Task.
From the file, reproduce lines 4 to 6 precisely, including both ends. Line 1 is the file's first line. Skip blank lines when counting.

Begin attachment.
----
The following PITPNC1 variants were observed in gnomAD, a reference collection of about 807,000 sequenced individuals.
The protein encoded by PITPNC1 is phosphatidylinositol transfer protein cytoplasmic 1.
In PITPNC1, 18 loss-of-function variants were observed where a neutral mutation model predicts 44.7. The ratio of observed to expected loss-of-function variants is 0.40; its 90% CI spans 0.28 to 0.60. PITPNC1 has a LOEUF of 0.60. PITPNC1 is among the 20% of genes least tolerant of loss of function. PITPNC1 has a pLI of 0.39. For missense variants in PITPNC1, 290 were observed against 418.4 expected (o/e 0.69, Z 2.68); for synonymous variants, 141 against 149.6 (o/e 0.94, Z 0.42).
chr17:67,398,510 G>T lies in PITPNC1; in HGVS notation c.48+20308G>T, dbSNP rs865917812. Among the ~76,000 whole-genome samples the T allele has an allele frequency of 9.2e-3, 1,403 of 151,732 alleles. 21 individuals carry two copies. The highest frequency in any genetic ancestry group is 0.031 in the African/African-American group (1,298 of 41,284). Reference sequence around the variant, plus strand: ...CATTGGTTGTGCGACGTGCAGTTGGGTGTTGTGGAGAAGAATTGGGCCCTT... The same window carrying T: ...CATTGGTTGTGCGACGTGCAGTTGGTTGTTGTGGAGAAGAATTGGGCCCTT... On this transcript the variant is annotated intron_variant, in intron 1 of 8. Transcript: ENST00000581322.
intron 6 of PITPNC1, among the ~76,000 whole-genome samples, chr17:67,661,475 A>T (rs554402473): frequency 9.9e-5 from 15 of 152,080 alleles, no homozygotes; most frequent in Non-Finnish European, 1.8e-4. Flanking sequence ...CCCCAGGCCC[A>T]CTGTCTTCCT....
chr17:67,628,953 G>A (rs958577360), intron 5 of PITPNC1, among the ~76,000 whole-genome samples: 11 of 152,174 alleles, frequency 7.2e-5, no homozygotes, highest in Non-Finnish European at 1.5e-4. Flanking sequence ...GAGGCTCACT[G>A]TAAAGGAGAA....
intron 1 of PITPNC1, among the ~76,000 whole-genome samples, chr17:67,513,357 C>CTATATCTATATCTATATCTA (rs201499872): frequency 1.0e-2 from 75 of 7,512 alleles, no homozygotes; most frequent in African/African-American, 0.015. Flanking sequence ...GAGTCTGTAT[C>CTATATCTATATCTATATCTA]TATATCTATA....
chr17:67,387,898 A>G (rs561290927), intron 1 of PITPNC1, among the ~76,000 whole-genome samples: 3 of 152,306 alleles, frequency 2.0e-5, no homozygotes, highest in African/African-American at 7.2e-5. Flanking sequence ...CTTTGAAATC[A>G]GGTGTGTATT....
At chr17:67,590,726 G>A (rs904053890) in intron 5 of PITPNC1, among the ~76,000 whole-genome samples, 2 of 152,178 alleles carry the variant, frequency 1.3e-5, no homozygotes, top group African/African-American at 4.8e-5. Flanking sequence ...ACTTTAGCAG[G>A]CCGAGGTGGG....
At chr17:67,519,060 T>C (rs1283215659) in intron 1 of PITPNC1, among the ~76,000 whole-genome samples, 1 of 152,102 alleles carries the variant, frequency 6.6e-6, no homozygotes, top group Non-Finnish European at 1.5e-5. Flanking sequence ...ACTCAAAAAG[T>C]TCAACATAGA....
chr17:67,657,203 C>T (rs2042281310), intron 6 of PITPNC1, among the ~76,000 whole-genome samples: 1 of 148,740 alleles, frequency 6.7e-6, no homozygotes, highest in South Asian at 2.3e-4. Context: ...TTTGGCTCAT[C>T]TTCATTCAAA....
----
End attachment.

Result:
chr17:67,398,510 G>T lies in PITPNC1; in HGVS notation c.48+20308G>T, dbSNP rs865917812. Among the ~76,000 whole-genome samples the T allele has an allele frequency of 9.2e-3, 1,403 of 151,732 alleles. 21 individuals carry two copies. The highest frequency in any genetic ancestry group is 0.031 in the African/African-American group (1,298 of 41,284). Reference sequence around the variant, plus strand: ...CATTGGTTGTGCGACGTGCAGTTGGGTGTTGTGGAGAAGAATTGGGCCCTT... The same window carrying T: ...CATTGGTTGTGCGACGTGCAGTTGGTTGTTGTGGAGAAGAATTGGGCCCTT... On this transcript the variant is annotated intron_variant, in intron 1 of 8. Transcript: ENST00000581322.
intron 6 of PITPNC1, among the ~76,000 whole-genome samples, chr17:67,661,475 A>T (rs554402473): frequency 9.9e-5 from 15 of 152,080 alleles, no homozygotes; most frequent in Non-Finnish European, 1.8e-4. Flanking sequence ...CCCCAGGCCC[A>T]CTGTCTTCCT....
chr17:67,628,953 G>A (rs958577360), intron 5 of PITPNC1, among the ~76,000 whole-genome samples: 11 of 152,174 alleles, frequency 7.2e-5, no homozygotes, highest in Non-Finnish European at 1.5e-4. Flanking sequence ...GAGGCTCACT[G>A]TAAAGGAGAA....